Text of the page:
Objective: The objective was to study the results of the treatment of thoracolumbar spondylodiscitis (SD) through minimally invasive fusion and decompression technique. Materials and Methods: All the patients were evaluated clinically and radiologically (X-ray, magnetic resonance imaging, and computed tomography scan) along with necessary laboratory investigations. They underwent the minimally invasive spinal (MIS) decompression and fusion procedure using tubular retractor system and percutaneous transpedicular fixation done under fluoroscopy guidance. They were assessed using pre- and postoperative Visual Analog Scale (VAS), Oswestry Disability Index (ODI), and Kirkaldy-Willis functional outcome criteria. Postoperative radiological assessment of fusion was done. Operating time and fluoroscopy duration were also studied. Results: There were a total of 12 patients, with an equal sex ratio of 1:1 with 8 and 4 patients having the involvement of the lumbar and dorsal spine, respectively. The fixation was done in the involved vertebrae in 8 patients and adjacent normal vertebrae in 4 patients. There was an improvement in VAS score from 7.8 to 2.1 and ODI from 64.3 to 16.4. 4 patients had excellent, 7 had good, and 1 had fair outcome in Kirkaldy-Willis functional outcome criteria. There was Grade 2 and 3 fusion in 4 cases each, and 2 patients had Grade 4 fusion. The laboratory studies were found positive for tuberculosis in 3 cases with 7 having necrotizing granulomatous inflammation, and 2 patients had negative results. Conclusion: The MIS procedure is a safe and effective method of the management of SD in the thoracolumbar spine.
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Adjacent-segment “central” atlantoaxial instability and C2–C3 instability following lower cervical C3–C6 interbody fusion: Report of three cases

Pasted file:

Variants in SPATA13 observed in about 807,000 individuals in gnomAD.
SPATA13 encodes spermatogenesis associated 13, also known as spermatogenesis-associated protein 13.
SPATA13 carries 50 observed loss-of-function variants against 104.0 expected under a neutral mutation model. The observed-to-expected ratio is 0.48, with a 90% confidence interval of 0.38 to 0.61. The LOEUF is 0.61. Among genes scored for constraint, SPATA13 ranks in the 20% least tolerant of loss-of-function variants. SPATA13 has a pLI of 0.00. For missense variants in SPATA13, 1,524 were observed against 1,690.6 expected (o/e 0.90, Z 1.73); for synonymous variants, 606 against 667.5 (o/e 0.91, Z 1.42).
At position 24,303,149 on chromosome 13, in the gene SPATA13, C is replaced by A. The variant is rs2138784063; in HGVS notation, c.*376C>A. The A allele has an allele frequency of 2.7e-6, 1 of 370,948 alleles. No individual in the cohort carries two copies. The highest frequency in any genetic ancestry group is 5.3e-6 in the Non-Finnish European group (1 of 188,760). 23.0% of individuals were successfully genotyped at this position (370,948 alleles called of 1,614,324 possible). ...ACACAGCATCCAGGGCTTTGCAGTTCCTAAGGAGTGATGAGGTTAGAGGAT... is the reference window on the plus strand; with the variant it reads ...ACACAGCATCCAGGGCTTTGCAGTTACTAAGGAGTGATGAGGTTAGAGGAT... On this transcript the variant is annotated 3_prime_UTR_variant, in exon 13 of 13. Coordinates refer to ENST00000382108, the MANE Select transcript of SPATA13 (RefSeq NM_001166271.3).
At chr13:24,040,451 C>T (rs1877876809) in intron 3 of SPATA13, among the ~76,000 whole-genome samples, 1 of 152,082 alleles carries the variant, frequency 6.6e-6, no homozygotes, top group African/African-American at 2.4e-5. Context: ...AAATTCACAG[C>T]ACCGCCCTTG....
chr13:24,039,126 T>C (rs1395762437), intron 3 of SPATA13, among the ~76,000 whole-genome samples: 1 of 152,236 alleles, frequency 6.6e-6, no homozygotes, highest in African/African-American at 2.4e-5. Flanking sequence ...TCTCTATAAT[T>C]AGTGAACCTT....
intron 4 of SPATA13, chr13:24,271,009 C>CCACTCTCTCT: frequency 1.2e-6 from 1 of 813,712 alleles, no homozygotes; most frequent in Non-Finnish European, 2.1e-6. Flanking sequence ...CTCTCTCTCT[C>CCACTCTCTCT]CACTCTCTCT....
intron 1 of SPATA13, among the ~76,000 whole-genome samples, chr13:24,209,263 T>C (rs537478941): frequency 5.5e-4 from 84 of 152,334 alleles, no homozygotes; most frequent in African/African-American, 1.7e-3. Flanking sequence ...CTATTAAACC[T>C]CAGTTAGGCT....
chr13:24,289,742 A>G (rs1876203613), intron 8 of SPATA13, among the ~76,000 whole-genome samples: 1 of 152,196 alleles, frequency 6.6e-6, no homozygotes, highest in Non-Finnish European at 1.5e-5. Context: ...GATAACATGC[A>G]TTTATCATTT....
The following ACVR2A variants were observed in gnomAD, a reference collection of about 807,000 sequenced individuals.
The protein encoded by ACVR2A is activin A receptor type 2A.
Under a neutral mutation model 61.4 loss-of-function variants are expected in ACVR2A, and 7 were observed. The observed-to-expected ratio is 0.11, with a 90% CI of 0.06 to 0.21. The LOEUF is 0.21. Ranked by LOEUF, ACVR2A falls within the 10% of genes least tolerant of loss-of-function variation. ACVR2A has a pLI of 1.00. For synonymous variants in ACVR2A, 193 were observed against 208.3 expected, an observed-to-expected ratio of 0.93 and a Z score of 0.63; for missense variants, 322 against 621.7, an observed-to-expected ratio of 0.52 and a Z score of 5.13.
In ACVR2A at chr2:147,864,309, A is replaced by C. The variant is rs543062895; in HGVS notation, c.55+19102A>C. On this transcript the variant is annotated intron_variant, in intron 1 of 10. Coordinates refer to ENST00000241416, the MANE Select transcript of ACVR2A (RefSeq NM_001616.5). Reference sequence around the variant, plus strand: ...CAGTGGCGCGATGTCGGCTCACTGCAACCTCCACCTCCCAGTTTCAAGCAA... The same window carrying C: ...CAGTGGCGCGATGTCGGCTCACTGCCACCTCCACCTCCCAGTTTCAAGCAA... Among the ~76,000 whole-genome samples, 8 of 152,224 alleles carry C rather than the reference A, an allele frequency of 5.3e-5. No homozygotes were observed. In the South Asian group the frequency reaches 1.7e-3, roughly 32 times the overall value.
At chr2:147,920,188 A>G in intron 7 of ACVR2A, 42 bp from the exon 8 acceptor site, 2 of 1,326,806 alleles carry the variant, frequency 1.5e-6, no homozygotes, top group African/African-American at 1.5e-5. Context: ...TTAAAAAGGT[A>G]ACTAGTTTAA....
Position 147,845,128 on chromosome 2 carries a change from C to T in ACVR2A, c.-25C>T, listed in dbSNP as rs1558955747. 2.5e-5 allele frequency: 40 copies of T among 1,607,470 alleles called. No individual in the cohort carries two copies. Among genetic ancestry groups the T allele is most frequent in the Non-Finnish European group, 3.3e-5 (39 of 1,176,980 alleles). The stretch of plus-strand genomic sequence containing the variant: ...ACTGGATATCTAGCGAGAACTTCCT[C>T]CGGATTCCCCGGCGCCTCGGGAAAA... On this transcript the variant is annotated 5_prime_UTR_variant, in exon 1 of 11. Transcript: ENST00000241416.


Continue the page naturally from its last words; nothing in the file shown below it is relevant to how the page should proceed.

Atul Goel, Shashi Ranjan, Abhidha Shah, Survendra Rai, Saswat Dandpat, Abhinandan Patil, Ravikiran Vutha
January-March 2020, 11(1):51-54
Aim: We report adjacent-segment “central” or “axial” atlantoaxial instability and C2–C3 instability as the cause of delayed neurological worsening following multisegmental cervical spinal stabilization. Materials and Methods: Three male patients aged 34, 56, and 70 years had been operated earlier for cervical spondylosis by multilevel C3–C6 cervical interbody fusion 6–11 years earlier. After an initial improvement for few years, the patients observed relatively rapid clinical deterioration. When admitted, all the three patients were severely quadriparetic and were brought to the hospital on a wheelchair. Central atlantoaxial instability was diagnosed on the basis of our previously published clinical and radiological parameters. C2–C3 instability was essentially diagnosed on the intraoperative observations. The patients underwent atlantoaxial and C2–C3 fixation. Results: All the three patients had rapid clinical recovery that started in the immediate postoperative period. At an average follow-up of 21 months, the patients walked independently. Conclusions: Identification and treatment of adjacent-segment central atlantoaxial and C2–C3 instability can lead to gratifying clinical outcome.